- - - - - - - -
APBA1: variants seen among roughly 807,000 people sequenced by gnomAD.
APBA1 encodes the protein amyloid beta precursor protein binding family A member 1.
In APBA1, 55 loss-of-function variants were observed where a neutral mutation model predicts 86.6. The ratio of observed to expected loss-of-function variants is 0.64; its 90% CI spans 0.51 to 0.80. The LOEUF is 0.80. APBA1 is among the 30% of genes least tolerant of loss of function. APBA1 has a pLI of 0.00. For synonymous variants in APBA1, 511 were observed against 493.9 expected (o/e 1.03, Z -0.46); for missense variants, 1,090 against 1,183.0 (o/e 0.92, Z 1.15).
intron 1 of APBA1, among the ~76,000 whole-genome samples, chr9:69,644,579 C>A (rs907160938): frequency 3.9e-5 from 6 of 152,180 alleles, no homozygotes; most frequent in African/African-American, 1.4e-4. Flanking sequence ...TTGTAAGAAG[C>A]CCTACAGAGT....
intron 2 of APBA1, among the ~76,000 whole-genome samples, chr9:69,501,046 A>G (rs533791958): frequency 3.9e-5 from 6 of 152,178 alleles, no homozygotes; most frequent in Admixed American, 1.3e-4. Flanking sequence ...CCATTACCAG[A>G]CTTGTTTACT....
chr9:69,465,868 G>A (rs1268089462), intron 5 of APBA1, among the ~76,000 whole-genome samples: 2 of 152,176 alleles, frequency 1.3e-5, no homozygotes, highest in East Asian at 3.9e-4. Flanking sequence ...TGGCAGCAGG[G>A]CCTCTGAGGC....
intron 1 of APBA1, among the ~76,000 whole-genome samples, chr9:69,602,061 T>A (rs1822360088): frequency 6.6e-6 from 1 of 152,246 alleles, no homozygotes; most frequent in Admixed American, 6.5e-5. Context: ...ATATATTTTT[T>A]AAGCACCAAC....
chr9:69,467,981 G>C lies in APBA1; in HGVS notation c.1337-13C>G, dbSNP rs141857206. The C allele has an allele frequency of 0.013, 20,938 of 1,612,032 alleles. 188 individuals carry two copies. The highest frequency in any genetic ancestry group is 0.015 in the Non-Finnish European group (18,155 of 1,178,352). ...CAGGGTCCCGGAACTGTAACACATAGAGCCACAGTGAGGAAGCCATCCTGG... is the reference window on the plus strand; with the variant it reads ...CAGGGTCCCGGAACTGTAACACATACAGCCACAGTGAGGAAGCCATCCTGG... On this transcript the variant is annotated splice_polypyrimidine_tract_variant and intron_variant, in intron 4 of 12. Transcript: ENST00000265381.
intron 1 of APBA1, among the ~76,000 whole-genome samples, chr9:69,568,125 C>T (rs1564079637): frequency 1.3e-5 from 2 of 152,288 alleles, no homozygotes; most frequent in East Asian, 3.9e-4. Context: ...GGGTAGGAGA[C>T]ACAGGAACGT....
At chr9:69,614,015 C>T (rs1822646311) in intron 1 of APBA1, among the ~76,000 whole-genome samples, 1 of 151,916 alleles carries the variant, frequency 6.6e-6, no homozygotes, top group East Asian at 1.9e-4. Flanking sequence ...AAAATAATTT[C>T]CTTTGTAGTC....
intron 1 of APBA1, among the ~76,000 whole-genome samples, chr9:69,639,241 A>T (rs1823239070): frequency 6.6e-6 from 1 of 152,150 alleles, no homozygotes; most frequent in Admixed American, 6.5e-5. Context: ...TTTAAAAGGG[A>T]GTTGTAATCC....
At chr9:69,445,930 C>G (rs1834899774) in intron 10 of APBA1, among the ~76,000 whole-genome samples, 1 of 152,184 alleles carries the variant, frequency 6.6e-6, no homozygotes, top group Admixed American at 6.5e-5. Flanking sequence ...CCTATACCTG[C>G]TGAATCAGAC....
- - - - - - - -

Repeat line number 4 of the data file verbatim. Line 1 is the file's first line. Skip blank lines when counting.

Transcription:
intron 1 of APBA1, among the ~76,000 whole-genome samples, chr9:69,644,579 C>A (rs907160938): frequency 3.9e-5 from 6 of 152,180 alleles, no homozygotes; most frequent in African/African-American, 1.4e-4. Flanking sequence ...TTGTAAGAAG[C>A]CCTACAGAGT....